she both is and isn’t in the early family picture. In her account, Mary (Sue) marries into a family with a number of women sharing the name “Mary Sue.” This may or may not be a coincidence, but clearly Mary comes to see her family as containing not just individual women named Mary Sue, but a kind of slot for “ a Mary Sue” which she eventually comes to occupy. The way she intones the line of Mary Sues in her new family, together with her insistence that she be distinguished as “Mary” suggests the degree to which she maintains a hybrid identity, at once distinct and yet also incorporated by both first and last name into her new family. She has a strong collective identity that in no way prevents her from having a strong and assertive sense of self.13
Salem campers enjoy having their photos taken holding photos of their mothers or fathers who are no longer alive or pictures of themselves at the campground when they were young. There is a strong sense of identification with relatives and earlier incarnations of self through comparing oneself with old photographic images. I watched with fascination as one of Mary Ramsey’s grandaughters held up an old photo of her great grandparents next to her own face.
Mary: This is Spence’s mother and daddy. Your grand father’s mother and daddy.
Grandaughter: Yes, last year we were looking at this and saying how we thought I kind of look like him. [To her mother] Do you think I look like him.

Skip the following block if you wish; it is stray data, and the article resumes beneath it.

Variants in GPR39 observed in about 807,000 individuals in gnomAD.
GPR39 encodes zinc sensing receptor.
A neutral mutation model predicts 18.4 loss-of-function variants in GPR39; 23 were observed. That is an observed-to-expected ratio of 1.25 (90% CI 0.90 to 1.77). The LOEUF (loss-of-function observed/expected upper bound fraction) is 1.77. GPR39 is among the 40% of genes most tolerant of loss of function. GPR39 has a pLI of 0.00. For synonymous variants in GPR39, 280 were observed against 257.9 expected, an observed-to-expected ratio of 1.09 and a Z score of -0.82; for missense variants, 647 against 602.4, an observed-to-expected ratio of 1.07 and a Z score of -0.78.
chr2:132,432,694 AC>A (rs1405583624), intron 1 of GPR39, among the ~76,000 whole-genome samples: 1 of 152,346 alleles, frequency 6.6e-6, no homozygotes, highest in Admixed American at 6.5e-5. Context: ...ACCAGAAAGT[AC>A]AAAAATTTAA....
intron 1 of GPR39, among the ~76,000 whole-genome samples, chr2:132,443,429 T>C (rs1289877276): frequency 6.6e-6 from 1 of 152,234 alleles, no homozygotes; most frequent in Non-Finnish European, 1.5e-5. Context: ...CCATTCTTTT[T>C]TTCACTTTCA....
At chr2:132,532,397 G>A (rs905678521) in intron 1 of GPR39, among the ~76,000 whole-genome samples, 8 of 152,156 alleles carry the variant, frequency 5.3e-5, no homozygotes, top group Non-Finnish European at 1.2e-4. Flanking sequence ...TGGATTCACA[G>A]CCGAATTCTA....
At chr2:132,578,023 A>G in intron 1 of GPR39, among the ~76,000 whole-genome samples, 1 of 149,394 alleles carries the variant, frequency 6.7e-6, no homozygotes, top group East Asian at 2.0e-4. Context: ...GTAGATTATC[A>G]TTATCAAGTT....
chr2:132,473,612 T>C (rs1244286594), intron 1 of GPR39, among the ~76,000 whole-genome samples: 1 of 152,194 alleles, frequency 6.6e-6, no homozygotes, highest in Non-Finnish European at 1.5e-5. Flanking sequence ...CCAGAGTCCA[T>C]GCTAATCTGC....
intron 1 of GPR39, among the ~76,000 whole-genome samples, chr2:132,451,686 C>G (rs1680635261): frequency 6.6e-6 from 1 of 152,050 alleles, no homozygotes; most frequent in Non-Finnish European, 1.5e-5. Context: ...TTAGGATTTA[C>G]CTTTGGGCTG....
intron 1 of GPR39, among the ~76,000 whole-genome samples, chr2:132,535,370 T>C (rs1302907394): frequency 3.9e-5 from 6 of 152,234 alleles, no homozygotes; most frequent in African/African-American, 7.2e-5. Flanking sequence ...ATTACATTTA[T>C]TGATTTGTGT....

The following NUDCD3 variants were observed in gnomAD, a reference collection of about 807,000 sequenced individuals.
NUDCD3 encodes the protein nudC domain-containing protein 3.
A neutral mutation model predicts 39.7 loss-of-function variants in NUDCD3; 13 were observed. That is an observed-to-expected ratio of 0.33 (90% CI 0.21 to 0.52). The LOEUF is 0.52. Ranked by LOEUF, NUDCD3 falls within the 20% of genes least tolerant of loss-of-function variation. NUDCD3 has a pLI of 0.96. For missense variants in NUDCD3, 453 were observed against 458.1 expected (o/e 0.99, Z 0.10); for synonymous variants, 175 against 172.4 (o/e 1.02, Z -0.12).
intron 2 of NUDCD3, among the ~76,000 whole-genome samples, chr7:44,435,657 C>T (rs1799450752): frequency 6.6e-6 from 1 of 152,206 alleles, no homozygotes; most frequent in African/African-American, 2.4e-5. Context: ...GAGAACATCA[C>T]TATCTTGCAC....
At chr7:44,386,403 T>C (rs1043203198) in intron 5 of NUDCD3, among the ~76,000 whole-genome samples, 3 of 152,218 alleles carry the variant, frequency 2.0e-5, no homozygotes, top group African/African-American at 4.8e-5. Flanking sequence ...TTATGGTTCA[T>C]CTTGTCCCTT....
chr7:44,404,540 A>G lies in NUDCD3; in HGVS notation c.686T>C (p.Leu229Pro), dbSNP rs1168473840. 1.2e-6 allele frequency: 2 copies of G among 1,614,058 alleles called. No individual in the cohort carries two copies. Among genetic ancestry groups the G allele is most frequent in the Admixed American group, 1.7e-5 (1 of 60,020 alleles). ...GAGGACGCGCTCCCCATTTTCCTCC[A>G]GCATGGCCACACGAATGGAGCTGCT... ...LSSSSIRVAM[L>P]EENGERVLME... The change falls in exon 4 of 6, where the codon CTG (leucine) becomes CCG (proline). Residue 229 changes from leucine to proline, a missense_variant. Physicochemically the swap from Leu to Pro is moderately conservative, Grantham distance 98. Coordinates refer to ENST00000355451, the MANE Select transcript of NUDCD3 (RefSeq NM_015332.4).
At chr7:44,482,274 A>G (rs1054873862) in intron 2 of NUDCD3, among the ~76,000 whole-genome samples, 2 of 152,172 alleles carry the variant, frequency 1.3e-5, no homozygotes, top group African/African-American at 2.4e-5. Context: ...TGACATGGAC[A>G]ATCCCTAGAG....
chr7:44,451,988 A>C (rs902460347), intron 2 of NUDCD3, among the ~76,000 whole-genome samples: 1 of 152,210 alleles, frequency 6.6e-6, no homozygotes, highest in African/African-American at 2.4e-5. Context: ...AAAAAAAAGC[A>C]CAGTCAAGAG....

Mother: I think you do.
In addition to photos campers use old height markers on doors, or even drawn hand prints they left decades earlier on house rafters as a way to mark both continuity and change. One woman who married into the camp meeting traditions took us on a tour of her tent and pointed to old markings and drawings on the rafters of the attic bunk room.
When I first came here the thing that got to me was I would see the things (points to the rafter marks) my husband had written when he was a little boy. And now my kid’s handprints are up there. Me and my husband wrote that one before our kids were born. We used to sleep up here when we first got married.
Reciprocal Identification and the Blurring of Generations
Many campers have virtually a whole lifetime of common history at Salem as well as a symbolically powerful mutual framework of through which to relate. The shared memories and the shared ritual becomes important collective resources for identity updating. Such a setting
makes possible very powerful strategies of reciprocal identification which allows individuals to coordinate their identities and memory structures such that their identities are always both personal and collective. People come to see themselves in and through one another in a way that is possible only in a deeply shared symbolic setting like camp meeting. For example, following the eveniong service, as people streamed out of the Tabernacle and headed to their tents, an older man approach a little boy who was getting on his bicycle. “What’s your name?” he asks the boy. “Jack,” the boy relies. “Well Jack, I knew your mother when she was your age.” This kind of link establishes between the older man and the boy is a complex kind of identification, in which the boy is forced to imagine his own mother as a little girl of his age, standing in the same place as he is now. This kind of complex historical reciprocity of identification is very common at camp meeting and appears to have significant memory effects for campers as they grow older.